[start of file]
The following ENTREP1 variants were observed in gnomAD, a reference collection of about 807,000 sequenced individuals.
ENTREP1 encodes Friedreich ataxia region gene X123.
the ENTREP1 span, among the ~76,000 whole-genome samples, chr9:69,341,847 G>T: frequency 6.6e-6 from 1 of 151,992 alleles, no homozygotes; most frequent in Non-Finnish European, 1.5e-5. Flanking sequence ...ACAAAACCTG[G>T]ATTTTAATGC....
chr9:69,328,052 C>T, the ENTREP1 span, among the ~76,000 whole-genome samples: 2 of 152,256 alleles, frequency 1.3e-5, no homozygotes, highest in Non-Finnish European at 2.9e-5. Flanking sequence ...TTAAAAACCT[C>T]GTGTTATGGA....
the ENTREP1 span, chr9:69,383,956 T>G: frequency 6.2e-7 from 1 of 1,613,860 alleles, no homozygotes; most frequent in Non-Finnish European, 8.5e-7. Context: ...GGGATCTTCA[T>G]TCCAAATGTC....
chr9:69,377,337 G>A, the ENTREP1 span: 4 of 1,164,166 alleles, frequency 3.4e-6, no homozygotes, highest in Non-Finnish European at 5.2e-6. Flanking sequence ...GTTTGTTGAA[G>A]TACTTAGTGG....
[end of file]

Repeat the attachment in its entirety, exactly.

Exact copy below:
The following ENTREP1 variants were observed in gnomAD, a reference collection of about 807,000 sequenced individuals.
ENTREP1 encodes Friedreich ataxia region gene X123.
the ENTREP1 span, among the ~76,000 whole-genome samples, chr9:69,341,847 G>T: frequency 6.6e-6 from 1 of 151,992 alleles, no homozygotes; most frequent in Non-Finnish European, 1.5e-5. Flanking sequence ...ACAAAACCTG[G>T]ATTTTAATGC....
chr9:69,328,052 C>T, the ENTREP1 span, among the ~76,000 whole-genome samples: 2 of 152,256 alleles, frequency 1.3e-5, no homozygotes, highest in Non-Finnish European at 2.9e-5. Flanking sequence ...TTAAAAACCT[C>T]GTGTTATGGA....
the ENTREP1 span, chr9:69,383,956 T>G: frequency 6.2e-7 from 1 of 1,613,860 alleles, no homozygotes; most frequent in Non-Finnish European, 8.5e-7. Context: ...GGGATCTTCA[T>G]TCCAAATGTC....
chr9:69,377,337 G>A, the ENTREP1 span: 4 of 1,164,166 alleles, frequency 3.4e-6, no homozygotes, highest in Non-Finnish European at 5.2e-6. Flanking sequence ...GTTTGTTGAA[G>A]TACTTAGTGG....